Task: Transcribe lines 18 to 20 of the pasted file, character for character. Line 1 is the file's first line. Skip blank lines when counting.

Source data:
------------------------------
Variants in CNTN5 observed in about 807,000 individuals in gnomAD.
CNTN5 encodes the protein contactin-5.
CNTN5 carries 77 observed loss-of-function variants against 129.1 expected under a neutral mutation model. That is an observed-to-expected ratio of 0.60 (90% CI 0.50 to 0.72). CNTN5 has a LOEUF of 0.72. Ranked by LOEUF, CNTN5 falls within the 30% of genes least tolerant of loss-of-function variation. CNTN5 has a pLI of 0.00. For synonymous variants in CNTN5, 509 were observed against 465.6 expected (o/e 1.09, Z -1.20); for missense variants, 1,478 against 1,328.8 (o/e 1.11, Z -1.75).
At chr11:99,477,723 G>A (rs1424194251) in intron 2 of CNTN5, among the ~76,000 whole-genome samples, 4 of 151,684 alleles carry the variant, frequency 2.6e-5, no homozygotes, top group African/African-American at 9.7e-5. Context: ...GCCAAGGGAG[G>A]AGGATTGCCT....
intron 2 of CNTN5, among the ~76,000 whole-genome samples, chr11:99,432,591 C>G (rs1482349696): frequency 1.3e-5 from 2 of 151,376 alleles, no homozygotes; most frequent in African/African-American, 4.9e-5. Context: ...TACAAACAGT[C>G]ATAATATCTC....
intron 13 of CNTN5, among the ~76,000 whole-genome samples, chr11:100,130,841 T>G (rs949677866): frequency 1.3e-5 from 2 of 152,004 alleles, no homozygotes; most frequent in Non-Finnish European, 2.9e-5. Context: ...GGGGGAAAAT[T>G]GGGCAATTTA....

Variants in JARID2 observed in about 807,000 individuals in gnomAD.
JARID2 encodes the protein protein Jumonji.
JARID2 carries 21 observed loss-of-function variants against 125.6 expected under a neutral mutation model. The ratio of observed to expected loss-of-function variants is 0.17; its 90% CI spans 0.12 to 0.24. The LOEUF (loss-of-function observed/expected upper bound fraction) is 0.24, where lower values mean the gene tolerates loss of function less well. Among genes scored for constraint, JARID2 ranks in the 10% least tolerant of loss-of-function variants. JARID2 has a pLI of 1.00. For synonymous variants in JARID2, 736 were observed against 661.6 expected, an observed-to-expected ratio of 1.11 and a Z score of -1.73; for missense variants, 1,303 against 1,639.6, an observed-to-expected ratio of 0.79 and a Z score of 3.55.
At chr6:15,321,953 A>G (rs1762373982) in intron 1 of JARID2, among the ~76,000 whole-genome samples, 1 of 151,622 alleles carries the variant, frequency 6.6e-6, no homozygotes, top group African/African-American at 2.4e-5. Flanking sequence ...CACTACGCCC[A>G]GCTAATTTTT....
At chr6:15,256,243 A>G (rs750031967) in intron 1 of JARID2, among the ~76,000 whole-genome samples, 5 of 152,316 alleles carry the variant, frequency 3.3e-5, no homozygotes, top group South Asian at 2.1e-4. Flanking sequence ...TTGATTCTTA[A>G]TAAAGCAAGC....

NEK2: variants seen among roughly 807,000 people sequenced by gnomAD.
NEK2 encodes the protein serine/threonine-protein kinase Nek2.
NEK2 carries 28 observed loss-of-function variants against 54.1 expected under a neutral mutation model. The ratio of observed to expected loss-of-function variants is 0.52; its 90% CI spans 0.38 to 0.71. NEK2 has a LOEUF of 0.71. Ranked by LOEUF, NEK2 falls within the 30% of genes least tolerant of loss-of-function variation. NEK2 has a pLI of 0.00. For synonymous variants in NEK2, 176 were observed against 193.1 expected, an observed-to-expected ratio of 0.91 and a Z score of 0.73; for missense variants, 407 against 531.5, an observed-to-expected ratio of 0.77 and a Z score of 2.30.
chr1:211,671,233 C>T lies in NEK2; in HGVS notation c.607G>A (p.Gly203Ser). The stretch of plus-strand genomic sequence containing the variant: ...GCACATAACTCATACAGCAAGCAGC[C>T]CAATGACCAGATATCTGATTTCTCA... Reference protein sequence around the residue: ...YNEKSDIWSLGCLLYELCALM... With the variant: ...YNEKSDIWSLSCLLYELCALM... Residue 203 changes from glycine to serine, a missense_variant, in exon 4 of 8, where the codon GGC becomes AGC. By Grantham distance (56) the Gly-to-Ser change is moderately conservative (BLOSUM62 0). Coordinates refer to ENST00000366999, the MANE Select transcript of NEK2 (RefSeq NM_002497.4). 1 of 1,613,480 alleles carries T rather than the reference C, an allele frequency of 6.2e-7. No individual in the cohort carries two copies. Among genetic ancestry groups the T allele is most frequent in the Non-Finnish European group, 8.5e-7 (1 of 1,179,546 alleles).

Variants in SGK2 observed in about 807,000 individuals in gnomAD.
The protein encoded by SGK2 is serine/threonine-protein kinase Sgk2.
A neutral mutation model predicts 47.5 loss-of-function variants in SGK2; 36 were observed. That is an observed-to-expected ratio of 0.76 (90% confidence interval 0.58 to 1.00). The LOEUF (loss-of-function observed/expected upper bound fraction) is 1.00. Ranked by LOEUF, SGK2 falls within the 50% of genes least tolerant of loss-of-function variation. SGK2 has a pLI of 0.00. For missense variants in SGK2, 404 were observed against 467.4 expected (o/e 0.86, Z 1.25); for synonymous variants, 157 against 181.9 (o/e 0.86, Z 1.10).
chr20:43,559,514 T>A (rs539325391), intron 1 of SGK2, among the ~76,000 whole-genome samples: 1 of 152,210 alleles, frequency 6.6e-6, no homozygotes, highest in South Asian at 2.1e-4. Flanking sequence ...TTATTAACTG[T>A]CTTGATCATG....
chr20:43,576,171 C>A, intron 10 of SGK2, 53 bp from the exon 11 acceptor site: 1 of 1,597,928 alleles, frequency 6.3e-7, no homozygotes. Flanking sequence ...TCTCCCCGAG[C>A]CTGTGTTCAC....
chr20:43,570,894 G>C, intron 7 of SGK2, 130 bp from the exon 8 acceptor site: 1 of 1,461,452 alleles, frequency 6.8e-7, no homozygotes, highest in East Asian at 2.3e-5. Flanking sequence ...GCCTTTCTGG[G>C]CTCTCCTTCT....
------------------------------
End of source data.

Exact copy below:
A neutral mutation model predicts 47.5 loss-of-function variants in SGK2; 36 were observed. That is an observed-to-expected ratio of 0.76 (90% confidence interval 0.58 to 1.00). The LOEUF (loss-of-function observed/expected upper bound fraction) is 1.00. Ranked by LOEUF, SGK2 falls within the 50% of genes least tolerant of loss-of-function variation. SGK2 has a pLI of 0.00. For missense variants in SGK2, 404 were observed against 467.4 expected (o/e 0.86, Z 1.25); for synonymous variants, 157 against 181.9 (o/e 0.86, Z 1.10).
chr20:43,559,514 T>A (rs539325391), intron 1 of SGK2, among the ~76,000 whole-genome samples: 1 of 152,210 alleles, frequency 6.6e-6, no homozygotes, highest in South Asian at 2.1e-4. Flanking sequence ...TTATTAACTG[T>A]CTTGATCATG....
chr20:43,576,171 C>A, intron 10 of SGK2, 53 bp from the exon 11 acceptor site: 1 of 1,597,928 alleles, frequency 6.3e-7, no homozygotes. Flanking sequence ...TCTCCCCGAG[C>A]CTGTGTTCAC....